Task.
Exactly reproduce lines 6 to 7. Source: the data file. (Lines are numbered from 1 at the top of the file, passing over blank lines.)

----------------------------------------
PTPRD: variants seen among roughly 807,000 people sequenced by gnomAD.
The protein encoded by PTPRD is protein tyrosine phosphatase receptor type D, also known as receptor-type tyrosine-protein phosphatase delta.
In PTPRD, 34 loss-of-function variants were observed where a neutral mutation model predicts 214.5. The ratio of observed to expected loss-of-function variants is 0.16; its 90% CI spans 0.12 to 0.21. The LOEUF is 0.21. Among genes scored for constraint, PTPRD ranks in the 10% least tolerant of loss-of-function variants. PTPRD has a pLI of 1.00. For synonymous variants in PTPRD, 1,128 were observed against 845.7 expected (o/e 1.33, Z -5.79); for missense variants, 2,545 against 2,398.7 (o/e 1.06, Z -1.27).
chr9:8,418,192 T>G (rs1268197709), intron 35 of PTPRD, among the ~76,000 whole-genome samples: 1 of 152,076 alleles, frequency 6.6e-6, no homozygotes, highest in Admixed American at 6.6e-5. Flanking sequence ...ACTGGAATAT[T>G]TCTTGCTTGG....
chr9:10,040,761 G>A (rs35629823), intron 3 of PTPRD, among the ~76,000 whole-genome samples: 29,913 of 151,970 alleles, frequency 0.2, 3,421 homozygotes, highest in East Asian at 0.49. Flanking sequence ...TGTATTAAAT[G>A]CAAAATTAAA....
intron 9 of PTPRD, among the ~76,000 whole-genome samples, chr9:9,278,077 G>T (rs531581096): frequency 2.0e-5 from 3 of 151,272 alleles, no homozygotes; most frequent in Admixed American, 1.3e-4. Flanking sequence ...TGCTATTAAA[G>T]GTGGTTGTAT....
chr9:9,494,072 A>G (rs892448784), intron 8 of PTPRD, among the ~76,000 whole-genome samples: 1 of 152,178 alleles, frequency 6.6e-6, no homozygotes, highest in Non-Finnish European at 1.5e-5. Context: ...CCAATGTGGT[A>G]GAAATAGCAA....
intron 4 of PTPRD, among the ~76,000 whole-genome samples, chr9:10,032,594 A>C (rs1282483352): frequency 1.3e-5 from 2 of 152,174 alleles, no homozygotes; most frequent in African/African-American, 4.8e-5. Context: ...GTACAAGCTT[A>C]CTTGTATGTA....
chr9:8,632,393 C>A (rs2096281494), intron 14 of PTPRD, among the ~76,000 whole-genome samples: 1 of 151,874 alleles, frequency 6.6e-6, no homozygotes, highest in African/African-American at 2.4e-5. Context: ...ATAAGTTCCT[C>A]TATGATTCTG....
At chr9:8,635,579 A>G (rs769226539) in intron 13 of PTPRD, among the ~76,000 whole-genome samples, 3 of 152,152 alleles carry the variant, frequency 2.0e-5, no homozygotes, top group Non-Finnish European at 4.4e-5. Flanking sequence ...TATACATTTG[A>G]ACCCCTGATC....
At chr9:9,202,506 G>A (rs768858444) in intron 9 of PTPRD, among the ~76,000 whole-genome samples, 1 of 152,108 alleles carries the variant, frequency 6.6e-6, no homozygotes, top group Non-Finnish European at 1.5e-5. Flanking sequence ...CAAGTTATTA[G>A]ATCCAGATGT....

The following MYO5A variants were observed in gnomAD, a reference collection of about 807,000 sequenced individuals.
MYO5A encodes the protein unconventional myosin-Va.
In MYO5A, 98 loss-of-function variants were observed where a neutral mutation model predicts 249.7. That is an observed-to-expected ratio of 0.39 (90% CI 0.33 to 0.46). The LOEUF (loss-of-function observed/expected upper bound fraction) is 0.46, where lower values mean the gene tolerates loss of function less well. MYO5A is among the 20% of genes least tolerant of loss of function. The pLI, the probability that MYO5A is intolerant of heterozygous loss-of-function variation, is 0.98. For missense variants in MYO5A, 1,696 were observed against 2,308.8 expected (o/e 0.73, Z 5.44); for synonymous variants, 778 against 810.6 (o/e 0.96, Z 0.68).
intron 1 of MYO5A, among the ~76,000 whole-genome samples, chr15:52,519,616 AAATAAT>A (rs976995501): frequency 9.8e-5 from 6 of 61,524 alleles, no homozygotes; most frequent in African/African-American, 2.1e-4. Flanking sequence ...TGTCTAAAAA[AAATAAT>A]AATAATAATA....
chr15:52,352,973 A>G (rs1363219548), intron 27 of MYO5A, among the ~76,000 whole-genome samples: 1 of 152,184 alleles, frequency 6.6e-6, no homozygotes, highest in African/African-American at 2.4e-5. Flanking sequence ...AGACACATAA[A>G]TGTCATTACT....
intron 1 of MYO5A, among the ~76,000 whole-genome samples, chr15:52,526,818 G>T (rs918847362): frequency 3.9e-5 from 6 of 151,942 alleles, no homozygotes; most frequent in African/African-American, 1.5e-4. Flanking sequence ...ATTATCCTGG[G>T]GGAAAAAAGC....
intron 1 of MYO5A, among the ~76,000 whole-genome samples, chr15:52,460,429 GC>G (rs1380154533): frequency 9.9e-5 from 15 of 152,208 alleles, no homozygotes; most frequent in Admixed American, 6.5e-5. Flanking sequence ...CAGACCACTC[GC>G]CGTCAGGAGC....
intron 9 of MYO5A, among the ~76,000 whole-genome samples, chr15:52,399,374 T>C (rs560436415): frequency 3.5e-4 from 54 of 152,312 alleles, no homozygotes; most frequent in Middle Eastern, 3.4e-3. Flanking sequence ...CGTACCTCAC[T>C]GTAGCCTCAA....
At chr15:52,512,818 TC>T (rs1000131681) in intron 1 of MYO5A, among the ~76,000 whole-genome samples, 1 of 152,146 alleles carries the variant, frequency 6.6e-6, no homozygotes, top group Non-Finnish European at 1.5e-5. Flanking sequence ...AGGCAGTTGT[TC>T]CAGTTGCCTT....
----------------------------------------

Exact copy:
intron 9 of PTPRD, among the ~76,000 whole-genome samples, chr9:9,278,077 G>T (rs531581096): frequency 2.0e-5 from 3 of 151,272 alleles, no homozygotes; most frequent in Admixed American, 1.3e-4. Flanking sequence ...TGCTATTAAA[G>T]GTGGTTGTAT....
chr9:9,494,072 A>G (rs892448784), intron 8 of PTPRD, among the ~76,000 whole-genome samples: 1 of 152,178 alleles, frequency 6.6e-6, no homozygotes, highest in Non-Finnish European at 1.5e-5. Context: ...CCAATGTGGT[A>G]GAAATAGCAA....